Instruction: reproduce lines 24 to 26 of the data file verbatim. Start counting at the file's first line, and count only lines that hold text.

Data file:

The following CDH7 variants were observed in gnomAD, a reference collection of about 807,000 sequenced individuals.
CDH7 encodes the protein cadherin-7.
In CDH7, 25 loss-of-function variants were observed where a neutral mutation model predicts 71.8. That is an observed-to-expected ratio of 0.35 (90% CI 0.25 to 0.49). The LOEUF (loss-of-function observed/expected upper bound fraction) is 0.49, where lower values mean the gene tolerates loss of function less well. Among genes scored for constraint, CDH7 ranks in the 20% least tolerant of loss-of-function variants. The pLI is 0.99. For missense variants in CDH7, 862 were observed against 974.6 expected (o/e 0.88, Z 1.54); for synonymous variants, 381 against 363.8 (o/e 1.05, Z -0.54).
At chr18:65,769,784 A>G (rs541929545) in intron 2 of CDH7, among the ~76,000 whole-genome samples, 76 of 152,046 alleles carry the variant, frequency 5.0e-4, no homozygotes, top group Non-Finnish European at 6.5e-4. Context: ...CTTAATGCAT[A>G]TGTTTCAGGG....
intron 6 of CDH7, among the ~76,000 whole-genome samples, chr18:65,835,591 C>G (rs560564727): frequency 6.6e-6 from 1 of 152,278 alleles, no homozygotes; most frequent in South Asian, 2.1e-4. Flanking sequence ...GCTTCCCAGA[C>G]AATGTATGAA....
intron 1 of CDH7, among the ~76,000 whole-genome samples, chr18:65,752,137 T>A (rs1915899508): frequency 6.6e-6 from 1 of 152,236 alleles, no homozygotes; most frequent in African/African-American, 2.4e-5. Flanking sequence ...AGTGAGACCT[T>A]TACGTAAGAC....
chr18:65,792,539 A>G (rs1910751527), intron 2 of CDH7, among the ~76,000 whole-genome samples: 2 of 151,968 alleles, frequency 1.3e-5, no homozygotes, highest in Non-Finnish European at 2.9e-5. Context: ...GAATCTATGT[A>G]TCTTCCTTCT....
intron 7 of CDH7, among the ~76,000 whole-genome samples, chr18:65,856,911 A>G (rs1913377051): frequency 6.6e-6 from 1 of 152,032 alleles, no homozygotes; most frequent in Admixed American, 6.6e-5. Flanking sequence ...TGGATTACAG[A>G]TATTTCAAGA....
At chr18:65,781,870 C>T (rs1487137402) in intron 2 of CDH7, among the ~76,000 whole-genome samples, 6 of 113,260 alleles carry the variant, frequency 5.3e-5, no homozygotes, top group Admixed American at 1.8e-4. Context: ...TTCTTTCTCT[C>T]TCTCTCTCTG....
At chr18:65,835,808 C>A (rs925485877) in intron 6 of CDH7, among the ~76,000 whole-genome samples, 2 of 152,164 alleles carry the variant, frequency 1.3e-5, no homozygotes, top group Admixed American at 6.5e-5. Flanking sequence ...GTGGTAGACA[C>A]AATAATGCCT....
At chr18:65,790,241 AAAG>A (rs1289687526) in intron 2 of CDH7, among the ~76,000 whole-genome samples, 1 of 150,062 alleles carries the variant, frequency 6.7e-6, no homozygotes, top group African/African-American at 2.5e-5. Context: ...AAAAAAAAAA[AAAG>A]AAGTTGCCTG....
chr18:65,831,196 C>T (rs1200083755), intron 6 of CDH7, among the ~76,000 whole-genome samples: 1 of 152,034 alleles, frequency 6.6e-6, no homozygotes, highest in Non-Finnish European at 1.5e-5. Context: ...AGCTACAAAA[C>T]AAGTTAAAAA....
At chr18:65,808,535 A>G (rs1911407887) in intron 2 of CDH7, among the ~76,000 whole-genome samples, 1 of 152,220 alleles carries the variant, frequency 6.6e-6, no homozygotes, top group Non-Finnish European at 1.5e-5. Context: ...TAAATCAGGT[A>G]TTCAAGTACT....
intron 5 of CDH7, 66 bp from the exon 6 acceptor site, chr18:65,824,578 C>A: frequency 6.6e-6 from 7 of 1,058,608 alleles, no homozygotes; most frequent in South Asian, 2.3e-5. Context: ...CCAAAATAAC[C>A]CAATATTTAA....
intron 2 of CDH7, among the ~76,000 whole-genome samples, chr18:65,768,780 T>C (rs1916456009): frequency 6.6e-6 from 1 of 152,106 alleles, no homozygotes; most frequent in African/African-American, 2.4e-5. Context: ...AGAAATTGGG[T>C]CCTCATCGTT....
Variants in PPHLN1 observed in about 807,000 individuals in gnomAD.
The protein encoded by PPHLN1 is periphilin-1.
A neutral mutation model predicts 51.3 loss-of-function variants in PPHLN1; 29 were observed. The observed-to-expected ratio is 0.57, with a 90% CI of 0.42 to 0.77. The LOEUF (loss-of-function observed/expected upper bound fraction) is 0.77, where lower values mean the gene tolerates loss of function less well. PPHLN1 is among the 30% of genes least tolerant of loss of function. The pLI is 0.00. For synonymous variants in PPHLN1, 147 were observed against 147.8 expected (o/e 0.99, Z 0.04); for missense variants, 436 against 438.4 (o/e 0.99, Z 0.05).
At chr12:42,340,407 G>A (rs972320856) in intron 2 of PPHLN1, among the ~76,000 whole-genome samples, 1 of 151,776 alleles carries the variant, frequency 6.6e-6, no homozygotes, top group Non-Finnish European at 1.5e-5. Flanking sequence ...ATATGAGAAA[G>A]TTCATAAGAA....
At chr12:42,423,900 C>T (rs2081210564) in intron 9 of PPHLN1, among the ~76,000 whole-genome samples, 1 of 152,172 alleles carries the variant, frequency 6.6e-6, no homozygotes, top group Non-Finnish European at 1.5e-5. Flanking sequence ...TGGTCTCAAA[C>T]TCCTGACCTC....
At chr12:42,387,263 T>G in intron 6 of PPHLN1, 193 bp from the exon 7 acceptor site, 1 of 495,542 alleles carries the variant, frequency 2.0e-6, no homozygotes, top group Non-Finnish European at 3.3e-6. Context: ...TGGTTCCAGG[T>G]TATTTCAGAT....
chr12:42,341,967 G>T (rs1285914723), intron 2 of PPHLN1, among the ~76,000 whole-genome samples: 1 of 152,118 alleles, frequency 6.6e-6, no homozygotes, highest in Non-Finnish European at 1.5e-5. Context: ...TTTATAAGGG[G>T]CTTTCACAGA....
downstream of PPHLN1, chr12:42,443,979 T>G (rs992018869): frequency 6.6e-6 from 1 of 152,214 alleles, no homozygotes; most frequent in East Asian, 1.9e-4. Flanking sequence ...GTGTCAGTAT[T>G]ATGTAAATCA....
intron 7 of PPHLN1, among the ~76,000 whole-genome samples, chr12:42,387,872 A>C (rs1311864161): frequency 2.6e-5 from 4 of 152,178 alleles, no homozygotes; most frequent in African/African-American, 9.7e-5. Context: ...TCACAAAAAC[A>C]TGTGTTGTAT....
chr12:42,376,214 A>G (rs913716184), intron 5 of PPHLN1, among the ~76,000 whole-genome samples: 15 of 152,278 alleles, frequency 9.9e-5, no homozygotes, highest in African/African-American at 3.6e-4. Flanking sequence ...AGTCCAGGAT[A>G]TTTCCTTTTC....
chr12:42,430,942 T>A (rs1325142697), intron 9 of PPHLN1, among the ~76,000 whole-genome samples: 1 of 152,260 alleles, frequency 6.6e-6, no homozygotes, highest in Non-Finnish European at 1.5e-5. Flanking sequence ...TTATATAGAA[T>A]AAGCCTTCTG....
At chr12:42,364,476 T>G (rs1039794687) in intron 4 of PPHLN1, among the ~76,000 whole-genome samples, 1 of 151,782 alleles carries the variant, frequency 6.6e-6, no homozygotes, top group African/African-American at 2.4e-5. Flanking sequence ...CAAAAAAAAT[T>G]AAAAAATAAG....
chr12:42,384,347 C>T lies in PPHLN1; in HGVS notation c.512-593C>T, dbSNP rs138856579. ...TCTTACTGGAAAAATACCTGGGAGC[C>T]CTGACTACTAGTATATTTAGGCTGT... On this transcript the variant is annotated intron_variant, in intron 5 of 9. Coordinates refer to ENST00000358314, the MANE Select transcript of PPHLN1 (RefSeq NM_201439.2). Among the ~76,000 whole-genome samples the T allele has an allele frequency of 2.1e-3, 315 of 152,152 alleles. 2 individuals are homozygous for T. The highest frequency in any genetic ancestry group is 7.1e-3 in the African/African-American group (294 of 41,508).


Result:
intron 7 of PPHLN1, among the ~76,000 whole-genome samples, chr12:42,387,872 A>C (rs1311864161): frequency 2.6e-5 from 4 of 152,178 alleles, no homozygotes; most frequent in African/African-American, 9.7e-5. Context: ...TCACAAAAAC[A>C]TGTGTTGTAT....
chr12:42,376,214 A>G (rs913716184), intron 5 of PPHLN1, among the ~76,000 whole-genome samples: 15 of 152,278 alleles, frequency 9.9e-5, no homozygotes, highest in African/African-American at 3.6e-4. Flanking sequence ...AGTCCAGGAT[A>G]TTTCCTTTTC....
chr12:42,430,942 T>A (rs1325142697), intron 9 of PPHLN1, among the ~76,000 whole-genome samples: 1 of 152,260 alleles, frequency 6.6e-6, no homozygotes, highest in Non-Finnish European at 1.5e-5. Flanking sequence ...TTATATAGAA[T>A]AAGCCTTCTG....